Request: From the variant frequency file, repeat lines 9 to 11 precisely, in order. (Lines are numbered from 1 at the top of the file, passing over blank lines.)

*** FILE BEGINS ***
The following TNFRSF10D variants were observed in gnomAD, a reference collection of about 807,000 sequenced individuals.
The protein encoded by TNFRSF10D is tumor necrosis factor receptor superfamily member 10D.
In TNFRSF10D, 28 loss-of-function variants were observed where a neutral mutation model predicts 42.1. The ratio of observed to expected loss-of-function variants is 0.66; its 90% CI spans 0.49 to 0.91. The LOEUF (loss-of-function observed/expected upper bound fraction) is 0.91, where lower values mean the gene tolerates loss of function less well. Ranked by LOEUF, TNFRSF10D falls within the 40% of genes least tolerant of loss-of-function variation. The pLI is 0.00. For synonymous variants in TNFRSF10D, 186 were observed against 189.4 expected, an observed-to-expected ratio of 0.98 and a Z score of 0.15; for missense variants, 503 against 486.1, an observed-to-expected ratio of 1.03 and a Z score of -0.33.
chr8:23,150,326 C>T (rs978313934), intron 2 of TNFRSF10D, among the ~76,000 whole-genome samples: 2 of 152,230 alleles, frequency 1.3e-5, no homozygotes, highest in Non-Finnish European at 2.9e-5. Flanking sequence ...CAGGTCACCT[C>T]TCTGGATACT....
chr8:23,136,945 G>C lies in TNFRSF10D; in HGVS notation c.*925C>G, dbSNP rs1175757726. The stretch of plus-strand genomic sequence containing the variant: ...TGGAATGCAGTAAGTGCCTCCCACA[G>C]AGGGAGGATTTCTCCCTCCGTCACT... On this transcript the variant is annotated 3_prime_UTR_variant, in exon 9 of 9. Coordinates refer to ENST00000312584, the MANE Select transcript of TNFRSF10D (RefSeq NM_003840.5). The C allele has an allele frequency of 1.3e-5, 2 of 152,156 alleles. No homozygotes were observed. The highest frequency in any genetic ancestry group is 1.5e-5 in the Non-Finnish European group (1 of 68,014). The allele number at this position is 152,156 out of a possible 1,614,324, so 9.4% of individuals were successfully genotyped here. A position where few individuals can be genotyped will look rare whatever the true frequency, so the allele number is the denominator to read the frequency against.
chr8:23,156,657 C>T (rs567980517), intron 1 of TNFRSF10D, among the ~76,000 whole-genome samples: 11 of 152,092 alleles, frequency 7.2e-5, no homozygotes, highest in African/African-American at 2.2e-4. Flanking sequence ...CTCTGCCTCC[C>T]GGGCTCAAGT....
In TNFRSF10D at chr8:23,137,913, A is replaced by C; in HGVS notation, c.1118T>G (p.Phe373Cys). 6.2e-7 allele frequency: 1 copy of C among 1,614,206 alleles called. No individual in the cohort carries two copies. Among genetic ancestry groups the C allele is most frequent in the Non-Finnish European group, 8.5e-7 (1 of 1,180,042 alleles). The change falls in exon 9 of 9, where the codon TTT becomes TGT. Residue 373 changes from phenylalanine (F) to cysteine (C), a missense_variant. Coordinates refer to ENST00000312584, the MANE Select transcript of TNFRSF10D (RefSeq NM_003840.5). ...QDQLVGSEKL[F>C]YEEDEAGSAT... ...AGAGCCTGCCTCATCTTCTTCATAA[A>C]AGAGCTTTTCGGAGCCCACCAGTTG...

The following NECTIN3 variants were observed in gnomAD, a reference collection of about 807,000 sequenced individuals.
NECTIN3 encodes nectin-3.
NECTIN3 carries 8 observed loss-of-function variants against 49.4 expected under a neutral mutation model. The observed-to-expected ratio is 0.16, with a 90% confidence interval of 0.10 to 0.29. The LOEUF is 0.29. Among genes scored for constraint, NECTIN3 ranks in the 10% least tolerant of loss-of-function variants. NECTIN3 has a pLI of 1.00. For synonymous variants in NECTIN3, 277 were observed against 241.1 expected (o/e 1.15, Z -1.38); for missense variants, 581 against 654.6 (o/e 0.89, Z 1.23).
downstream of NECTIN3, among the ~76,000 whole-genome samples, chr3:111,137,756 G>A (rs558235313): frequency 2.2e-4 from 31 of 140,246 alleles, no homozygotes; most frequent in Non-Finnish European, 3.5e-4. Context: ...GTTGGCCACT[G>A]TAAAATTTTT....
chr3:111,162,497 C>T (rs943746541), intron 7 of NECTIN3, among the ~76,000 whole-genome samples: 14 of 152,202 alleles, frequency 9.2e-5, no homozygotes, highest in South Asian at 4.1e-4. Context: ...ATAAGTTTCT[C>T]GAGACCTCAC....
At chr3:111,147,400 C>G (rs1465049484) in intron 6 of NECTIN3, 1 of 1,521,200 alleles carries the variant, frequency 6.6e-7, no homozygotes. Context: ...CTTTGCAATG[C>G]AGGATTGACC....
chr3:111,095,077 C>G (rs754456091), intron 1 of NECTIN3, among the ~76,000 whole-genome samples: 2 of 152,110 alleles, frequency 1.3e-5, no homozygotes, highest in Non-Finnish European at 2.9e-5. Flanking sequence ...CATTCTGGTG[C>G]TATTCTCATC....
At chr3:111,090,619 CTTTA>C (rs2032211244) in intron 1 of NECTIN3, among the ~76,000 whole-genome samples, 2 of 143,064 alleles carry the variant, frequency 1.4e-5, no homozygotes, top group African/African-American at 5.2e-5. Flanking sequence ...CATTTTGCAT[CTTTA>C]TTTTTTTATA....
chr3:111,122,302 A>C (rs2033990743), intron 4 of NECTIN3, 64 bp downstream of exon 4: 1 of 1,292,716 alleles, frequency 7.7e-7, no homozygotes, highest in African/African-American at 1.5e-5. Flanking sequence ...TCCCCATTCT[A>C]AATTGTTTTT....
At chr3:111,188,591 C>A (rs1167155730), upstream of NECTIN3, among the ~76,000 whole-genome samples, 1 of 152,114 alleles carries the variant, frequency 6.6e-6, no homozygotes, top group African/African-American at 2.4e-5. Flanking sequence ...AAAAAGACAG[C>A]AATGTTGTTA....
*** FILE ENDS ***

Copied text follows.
NECTIN3 encodes nectin-3.
NECTIN3 carries 8 observed loss-of-function variants against 49.4 expected under a neutral mutation model. The observed-to-expected ratio is 0.16, with a 90% confidence interval of 0.10 to 0.29. The LOEUF is 0.29. Among genes scored for constraint, NECTIN3 ranks in the 10% least tolerant of loss-of-function variants. NECTIN3 has a pLI of 1.00. For synonymous variants in NECTIN3, 277 were observed against 241.1 expected (o/e 1.15, Z -1.38); for missense variants, 581 against 654.6 (o/e 0.89, Z 1.23).
downstream of NECTIN3, among the ~76,000 whole-genome samples, chr3:111,137,756 G>A (rs558235313): frequency 2.2e-4 from 31 of 140,246 alleles, no homozygotes; most frequent in Non-Finnish European, 3.5e-4. Context: ...GTTGGCCACT[G>A]TAAAATTTTT....